When you’re working on your credit, lowering your credit card utilization should be an essential part of your overall strategy. Your credit utilization ratio refers to your actual revolving credit balances compared to your credit limits. The Consumer Financial Protection Bureau recommends keeping your credit utilization on your revolving credit accounts under 30% of your limits, both for each individual account as well as the combined limit of all your revolving accounts. Note: Revolving credit is a type of credit that enables you to borrow against a set limit at any time. You can choose to pay it all off at once or make smaller payments every month and carry or “revolve” the balance. Revolving accounts include credit cards, retail cards, personal lines of credit and home equity lines of credit (HELOCs).
Here are three easy steps you can take today to start lowering your credit utilization.
Pay Down Balances
The most straightforward way to reduce your credit utilization (although not always the easiest) is to pay down your balances. In an ideal scenario, you would pay off your balance in full each month. But if you’re starting off with high credit card balances, start paying more than the minimum amount due.
Instead of aggressively paying down your balances randomly, however, strategically choose the cards that are closest to maxed out. They’re the ones with the highest credit utilization ratio.
Your goal should be to get each balance below 30% of the card’s limit. Here’s how that looks:
Say you have two credit cards, one with a $5,000 credit limit and one with a $10,000 credit limit. Your outstanding balance on each card is $2,500.
Even though the balances are identical, your credit utilization for the card with a $5,000 limit is 50%, while it’s only 25% for the card with the $10,000 limit. In order to reduce your credit utilization ratio, you would focus your extra payments on the first card until your balance reached $1,500 (the 30% mark) or less.
Ask for a Line of Credit Increase
As you work on making extra credit card payments, you can also ask for an increase on your existing line of credit. Looking at the example above, receiving an additional $2,500 to your credit limit on the $5,000 card would automatically bring down your credit utilization ratio.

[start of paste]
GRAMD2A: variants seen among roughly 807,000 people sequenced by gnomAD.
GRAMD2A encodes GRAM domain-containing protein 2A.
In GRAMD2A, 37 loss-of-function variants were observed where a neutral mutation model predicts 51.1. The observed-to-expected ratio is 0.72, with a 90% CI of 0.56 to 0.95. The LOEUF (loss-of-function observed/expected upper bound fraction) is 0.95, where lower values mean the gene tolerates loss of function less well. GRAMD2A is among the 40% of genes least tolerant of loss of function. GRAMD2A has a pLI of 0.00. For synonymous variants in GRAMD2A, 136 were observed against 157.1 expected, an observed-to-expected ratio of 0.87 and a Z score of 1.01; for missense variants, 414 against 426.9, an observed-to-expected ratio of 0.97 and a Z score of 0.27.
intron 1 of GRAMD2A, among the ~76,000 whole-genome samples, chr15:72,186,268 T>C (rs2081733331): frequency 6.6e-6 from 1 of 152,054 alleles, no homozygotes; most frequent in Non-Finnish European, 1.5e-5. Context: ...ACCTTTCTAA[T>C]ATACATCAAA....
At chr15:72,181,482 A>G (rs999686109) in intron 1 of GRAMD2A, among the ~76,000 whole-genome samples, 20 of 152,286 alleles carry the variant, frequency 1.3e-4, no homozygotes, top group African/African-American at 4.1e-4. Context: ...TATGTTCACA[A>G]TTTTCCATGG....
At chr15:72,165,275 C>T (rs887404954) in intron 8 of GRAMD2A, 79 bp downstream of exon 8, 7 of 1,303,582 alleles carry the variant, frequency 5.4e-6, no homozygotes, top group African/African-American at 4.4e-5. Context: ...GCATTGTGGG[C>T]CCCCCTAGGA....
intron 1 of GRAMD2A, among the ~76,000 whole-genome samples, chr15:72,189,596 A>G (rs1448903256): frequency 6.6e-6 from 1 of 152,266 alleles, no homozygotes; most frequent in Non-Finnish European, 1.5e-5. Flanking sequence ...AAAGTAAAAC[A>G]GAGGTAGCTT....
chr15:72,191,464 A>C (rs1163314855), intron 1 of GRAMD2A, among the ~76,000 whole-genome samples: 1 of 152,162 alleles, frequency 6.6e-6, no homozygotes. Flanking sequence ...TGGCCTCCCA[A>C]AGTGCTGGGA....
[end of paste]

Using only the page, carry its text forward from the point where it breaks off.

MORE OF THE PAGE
Of course, this tactic should be used only by people who can responsibly manage their spending. If you receive a higher credit limit and immediately start spending, you may find yourself right back in the same credit utilization ratio situation as before. Keep in mind that your creditor may choose to check your credit before approving you for a higher limit. This could result in a new credit inquiry that may lower your score five to 10 points in the short term.
Avoid Closing Credit Cards
When you finally pay off some debt, don’t close your existing credit cards, especially if you have balances on other accounts. If you do, you’ll increase your credit utilization. That’s because you’re limiting your total available credit. Unless you’re paying expensive annual fees on your credit cards, in most cases having credit cards with no balances is better for your credit. You may need to make a small purchase periodically in order to keep the cards active.
How Often Does Your Credit Utilization Update?
Even after you figure out how to lower your credit utilization, the changes you make don’t register on your credit report or credit score overnight. It takes time for a creditor to report the updated balance information to each of the three major credit bureaus. In most cases, expect to see a difference in your score within 30 to 45 days.